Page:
Clustering RabbitMQ on CentOS 7

Published on: Fri, Jan 18, 2019 at 11:13 am EST

RabbitMQ is an open-source message broker that supports AMQP, STOMP and other communication technologies. It's widely used in enterprise applications and modern micro-service architectures where it acts as an asynchronous message channel between different micro-services. This guide will describe how you can cluster RabbitMQ on multiple CentOS 7 servers to form a high-availability message broker. In this tutorial, one server will act as a master server and the other servers will act as mirror servers in case the master server becomes unavailable.

Prerequisites

Configure the firewall

The CentOS firewall, (firewalld), does not permit any incoming traffic by default. To make RabbitMQ available for other systems in and outside the network, and to allow us to access the management console, we must first open some ports.

The web interface management console of RabbitMQ listens by default on port 15672. We would like to make the management console publicly available so that we can access it from our computer. We therefore will instruct firewalld to permanently open port 15672 in the public zone (which is the default and active zone on a Vultr instance).

sudo firewall-cmd --zone=public --add-port=15672/tcp --permanent

The RabbitMQ nodes need to be able to communicate with each other. We would like to open the necessary ports, but only over the internal network. We don't want anyone on the internet to be able to administer or directly contact our servers. The following commands assume that our servers are on the 192.168.0.100/24 subnet.

The first service is the epmd peer discovery service which listens by default on port 4369.

sudo firewall-cmd --permanent --zone=public --add-rich-rule='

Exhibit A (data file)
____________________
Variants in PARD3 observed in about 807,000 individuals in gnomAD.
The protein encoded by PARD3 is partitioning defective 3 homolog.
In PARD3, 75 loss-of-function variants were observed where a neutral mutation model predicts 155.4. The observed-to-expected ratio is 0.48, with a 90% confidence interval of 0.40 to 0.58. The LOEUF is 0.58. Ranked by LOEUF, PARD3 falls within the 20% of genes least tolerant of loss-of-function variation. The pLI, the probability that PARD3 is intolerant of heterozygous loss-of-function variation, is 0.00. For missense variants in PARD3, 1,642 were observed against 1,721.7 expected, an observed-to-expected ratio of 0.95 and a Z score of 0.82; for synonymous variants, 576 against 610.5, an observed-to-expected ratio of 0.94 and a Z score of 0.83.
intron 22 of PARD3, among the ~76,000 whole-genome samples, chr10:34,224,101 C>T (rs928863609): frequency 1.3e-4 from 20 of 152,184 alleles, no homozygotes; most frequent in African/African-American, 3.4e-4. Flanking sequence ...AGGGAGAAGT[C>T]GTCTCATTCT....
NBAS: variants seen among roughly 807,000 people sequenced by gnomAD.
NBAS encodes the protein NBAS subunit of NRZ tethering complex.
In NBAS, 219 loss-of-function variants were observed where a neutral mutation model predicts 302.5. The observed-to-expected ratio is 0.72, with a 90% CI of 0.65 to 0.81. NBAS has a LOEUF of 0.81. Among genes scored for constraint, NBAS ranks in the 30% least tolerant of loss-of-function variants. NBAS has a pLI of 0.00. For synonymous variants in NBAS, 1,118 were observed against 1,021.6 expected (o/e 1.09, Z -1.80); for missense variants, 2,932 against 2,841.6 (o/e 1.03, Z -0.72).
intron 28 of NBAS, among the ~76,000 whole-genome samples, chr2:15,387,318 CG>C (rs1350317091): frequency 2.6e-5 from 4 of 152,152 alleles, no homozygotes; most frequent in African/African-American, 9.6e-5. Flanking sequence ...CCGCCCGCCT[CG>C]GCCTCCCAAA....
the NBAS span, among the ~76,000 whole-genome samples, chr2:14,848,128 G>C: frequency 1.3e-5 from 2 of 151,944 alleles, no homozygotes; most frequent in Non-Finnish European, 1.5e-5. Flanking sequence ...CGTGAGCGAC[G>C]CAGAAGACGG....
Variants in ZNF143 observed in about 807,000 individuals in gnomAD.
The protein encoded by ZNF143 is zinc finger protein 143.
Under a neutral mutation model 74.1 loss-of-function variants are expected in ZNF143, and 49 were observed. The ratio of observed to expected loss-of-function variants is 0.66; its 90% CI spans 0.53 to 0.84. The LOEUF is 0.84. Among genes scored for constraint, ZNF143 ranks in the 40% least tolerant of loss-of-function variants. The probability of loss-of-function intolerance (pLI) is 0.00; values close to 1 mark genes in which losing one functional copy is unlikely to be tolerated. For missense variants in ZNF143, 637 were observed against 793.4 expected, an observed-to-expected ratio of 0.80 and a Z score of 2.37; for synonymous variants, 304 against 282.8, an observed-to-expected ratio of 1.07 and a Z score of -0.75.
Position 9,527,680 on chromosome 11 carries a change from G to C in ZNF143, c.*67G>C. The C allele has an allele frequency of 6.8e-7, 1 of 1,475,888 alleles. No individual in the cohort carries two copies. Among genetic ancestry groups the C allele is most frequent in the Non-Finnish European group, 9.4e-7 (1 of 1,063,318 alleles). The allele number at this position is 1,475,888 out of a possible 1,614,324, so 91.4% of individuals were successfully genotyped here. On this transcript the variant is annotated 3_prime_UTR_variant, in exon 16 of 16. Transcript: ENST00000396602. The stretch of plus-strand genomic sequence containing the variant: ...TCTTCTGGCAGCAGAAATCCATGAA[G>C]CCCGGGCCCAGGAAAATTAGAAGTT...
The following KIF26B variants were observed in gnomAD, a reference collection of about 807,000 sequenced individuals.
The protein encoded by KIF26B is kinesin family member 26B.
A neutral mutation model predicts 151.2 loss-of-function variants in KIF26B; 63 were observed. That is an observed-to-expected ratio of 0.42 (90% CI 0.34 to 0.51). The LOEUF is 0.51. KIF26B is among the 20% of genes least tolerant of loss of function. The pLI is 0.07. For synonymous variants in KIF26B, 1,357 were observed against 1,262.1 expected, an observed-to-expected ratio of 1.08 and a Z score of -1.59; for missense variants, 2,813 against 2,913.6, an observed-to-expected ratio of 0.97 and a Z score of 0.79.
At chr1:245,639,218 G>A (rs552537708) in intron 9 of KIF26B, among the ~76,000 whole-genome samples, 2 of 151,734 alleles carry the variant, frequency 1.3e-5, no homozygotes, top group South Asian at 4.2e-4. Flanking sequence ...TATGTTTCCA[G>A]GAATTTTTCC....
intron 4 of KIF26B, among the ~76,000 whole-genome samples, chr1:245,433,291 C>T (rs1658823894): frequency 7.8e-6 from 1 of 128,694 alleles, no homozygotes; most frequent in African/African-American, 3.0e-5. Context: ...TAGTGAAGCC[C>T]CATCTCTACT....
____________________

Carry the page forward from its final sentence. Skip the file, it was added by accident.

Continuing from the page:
rule family="ipv4"
  source address="192.168.0.100/24"
  port protocol="tcp" port="4369" accept'

For internode and CLI communication, RabbitMQ needs to be able to communicate over port 25672.

sudo firewall-cmd --permanent --zone=public --add-rich-rule='
  rule family="ipv4"
  source address="192.168.0.100/24"
  port protocol="tcp" port="25672" accept'

The CLI tools communicate over the ports range 35672-35682.

sudo firewall-cmd --permanent --zone=public --add-rich-rule='
  rule family="ipv4"
  source address="192.168.0.100/24"
  port protocol="tcp" port="35672-35682" accept'

If your applications need the AMQP protocol, you will also need to open ports 5671 and 5672. If you need to be able to communicate over another protocol, you can find the necessary information about the networking requirements of RabbitMQ on the official RabbitMQ documentation.

sudo firewall-cmd --permanent --zone=public --add-rich-rule='
  rule family="ipv4"
  source address="192.168.0.100/24"
  port protocol="tcp" port="5672" accept'

sudo firewall-cmd --permanent --zone=public --add-rich-rule='
  rule family="ipv4"
  source address="192.168.0.100/24"
  port protocol="tcp" port="5671" accept'

Now that firewalld is configured, we need to instruct it to reload the configuration.

sudo firewall-cmd --reload

Repeat the steps from this section on all servers.

Install rabbitmqadmin

The management plugin comes with a Python tool called rabbitmqadmin which can be easily installed on the system once the management plugin is enabled.